Lonely Heart

Widow of middle age, no children, cheerful companion, neat, excellent cook, owner of nice farm in Central New Jersey, wishes to meet home-loving gentleman of not more than fifty who need not necessarily be possessed of means but who will appreciate warm, tender companionship and pleasant home. Object, matrimony. Address Lonely Heart, this paper.

Well, Nicely-Nicely feels romance stirring in his bosom as he reads these lines, because he is never married, and has no idea that marriage is as described in this advertisement. So what does he do but write a letter to Lonely Heart in care of the Matrimonial Tribune stating that he is looking for a warm, tender companionship, and a pleasant home, and an excellent cook, especially an excellent cook, all his life, and the next thing he knows he is gazing into what at first seems to be an old-fashioned round cheese, but which he finally makes out as the face of a large Judy seated at his bedside.

She is anywhere between forty and fifty-five years of age, and she is as big and raw-boned as a first baseman, but she is by no means a crow. In fact, she is rather nice-looking, except that she has a pair of eyes as pale as hens’ eggs, and these eyes never change expression.

She asks Nicely-Nicely as many questions as an assistant district attorney, and especially if he has any money, and does he have any relatives, and Nicely-Nicely is able to state truthfully that he is all out of both, although she does not seem to mind. She wishes to know about his personal habits, and Nicely-Nicely says they are all good, but of course he does not mention his habit of tapping out any time a 4-to-5 shot comes along, which is as bad a habit as anybody can have, and finally she says she is well satisfied with him and will be pleased to marry him when he is able to walk.

She has a short, sharp voice that reminds Nicely-Nicely of a tough starter talking to the jockeys at the post, and she never seems to smile, and, take her all around, the chances are she is not such a character as Nicely-Nicely will choose as his ever-loving wife if he has the pick of a herd, but he figures that she is not bad for an offhand draw.

So Nicely-Nicely and the Widow Crumb are married, and they go to live on her farm in Central New Jersey, and it is a very nice little farm, to be sure, if you care for farms, but it is ten miles from the nearest town, and in a very lonesome country, and furthermore there are no neighbors handy, and the Widow Crumb does not have a telephone or even a radio in her house.

In fact, about all she has on this farm are a couple of cows, and a horse, and a very old joskin with a chin whisker and rheumatism and a mean look, whose name seems to be Harley something, and who also seems to be the Widow Crumb’s hired hand. Nicely-Nicely can see at once that Harley has no use for him, but afterward he learns that Harley has no use for anybody much, not even himself.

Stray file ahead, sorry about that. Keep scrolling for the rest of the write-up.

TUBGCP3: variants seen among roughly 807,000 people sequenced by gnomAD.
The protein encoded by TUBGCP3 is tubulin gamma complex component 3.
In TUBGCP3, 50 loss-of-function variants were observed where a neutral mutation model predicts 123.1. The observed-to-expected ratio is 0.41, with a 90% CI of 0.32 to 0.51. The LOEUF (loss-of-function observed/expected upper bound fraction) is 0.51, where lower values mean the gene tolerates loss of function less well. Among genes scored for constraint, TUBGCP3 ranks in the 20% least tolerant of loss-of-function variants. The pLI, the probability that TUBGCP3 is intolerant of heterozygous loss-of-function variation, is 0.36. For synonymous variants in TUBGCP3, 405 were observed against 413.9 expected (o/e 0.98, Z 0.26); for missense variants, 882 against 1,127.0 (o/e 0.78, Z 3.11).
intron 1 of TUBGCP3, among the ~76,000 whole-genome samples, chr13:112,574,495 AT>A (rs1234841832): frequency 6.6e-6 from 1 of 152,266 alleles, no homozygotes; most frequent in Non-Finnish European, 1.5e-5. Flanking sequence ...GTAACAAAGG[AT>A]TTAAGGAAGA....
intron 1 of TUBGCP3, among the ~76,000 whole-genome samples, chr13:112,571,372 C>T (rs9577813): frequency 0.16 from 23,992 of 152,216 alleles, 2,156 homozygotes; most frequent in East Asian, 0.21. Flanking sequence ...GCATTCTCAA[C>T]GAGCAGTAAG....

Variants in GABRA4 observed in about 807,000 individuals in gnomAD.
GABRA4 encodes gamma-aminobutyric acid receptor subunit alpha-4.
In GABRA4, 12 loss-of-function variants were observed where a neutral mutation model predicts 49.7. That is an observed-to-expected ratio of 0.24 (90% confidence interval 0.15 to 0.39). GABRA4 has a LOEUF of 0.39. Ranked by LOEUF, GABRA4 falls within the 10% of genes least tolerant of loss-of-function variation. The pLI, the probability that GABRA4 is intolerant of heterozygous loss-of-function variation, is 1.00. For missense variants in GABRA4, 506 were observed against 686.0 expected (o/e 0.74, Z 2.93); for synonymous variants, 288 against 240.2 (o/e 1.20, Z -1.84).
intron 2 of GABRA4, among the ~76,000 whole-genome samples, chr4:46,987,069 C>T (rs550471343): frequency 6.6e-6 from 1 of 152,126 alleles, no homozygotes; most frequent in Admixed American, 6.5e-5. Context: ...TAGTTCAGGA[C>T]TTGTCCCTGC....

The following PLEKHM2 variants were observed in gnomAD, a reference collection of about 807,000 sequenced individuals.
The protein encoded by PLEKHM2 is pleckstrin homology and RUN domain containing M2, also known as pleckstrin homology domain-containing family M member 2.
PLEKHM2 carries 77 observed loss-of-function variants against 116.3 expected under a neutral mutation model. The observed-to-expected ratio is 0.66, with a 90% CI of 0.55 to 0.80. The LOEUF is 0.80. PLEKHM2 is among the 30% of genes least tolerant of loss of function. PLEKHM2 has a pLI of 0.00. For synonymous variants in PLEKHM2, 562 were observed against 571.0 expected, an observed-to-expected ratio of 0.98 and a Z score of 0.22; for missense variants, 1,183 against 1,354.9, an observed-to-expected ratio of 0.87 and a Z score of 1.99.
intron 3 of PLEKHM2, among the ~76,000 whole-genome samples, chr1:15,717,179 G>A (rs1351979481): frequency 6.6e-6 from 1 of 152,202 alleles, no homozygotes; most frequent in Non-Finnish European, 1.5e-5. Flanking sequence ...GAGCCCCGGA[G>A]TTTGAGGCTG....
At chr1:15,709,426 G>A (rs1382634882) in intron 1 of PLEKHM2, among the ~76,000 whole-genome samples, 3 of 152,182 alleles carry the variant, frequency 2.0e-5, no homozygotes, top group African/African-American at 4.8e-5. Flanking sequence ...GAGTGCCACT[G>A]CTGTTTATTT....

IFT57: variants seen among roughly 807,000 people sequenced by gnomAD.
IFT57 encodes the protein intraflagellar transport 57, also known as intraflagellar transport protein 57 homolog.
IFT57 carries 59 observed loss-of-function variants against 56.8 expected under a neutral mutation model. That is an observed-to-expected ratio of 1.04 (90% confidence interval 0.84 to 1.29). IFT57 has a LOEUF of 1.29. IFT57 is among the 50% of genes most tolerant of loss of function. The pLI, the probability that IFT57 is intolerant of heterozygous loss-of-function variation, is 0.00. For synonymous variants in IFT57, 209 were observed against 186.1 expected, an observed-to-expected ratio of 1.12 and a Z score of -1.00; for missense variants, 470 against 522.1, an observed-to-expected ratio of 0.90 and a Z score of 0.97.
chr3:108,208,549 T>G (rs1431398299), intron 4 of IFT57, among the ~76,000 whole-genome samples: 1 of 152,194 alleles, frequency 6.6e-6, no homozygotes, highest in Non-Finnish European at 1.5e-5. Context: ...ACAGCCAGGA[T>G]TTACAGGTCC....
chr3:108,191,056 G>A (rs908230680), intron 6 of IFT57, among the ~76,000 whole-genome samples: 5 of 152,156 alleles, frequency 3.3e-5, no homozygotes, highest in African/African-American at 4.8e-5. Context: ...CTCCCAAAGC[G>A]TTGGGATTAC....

Well, it comes on supper-time the first night. Nicely-Nicely is there and he is delighted to observe that the Widow Crumb is making quite an uproar in the kitchen with the pots and pans, and this uproar is music to Nicely-Nicely’s ears as by now he is in the mood to put on the hot meat very good, and he is wondering if the Widow Crumb is as excellent a cook as she lets on in her advertisement.

It turns out that she is even better. It turns out that she is as fine a cook as ever straddles a skillet, and the supper she spreads for Nicely-Nicely is too good for a king. There is round steak hammered flat and fried in a pan, with thick cream gravy, and hot biscuits, and corn on the cob, and turnip greens, and cottage-fried potatoes, and lettuce with hot bacon grease poured over it, and apple-pie, and coffee, and I do not know what all else, and Nicely-Nicely almost founders himself, because it is the first time since he leaves the hospital that he gets a chance to move into real food.

Harley, the old joskin, eats with them, and Nicely-Nicely notices that there is a fourth place set at the table, and he figures that maybe another hired hand is going to show up, but nobody appears to fill the vacant chair, and at first Nicely-Nicely is glad of it, as it gives him more room in which to eat.

But then Nicely-Nicely notices that the Widow Crumb loads the plate at the vacant place with even more food than she does any of the others, and all through the meal Nicely-Nicely keeps expecting someone to come in and knock off these victuals. Nobody ever appears, however, and when they are through eating, the Widow Crumb clears up the extra place the same as the others, and scrapes the food off the plate into a garbage pail.

Well, of course, Nicely-Nicely is somewhat perplexed by this proceeding, but he does not ask any questions, because where he comes from only suckers go around asking questions. The next morning at breakfast; and again at dinner, and in fact at every meal put on the table the extra place is fixed, and the Widow Crumb goes through the same performance of serving the food to this place, and afterward throwing it away, and while Nicely-Nicely commences thinking it is a great waste of excellent food, he keeps his trap closed.

Now being the Widow Crumb’s husband is by no means a bad dodge, as she is anything but a gabby Judy, and will go all day long without saying more than a few words, and as Nicely-Nicely is a character who likes to chat this gives him a chance to do all the talking, although she never seems to be listening to him much. She seldom asks him to do any work, except now and then to help the old joskin around the barn, so Nicely-Nicely commences to figure this is about as soft a drop-in as anybody can wish.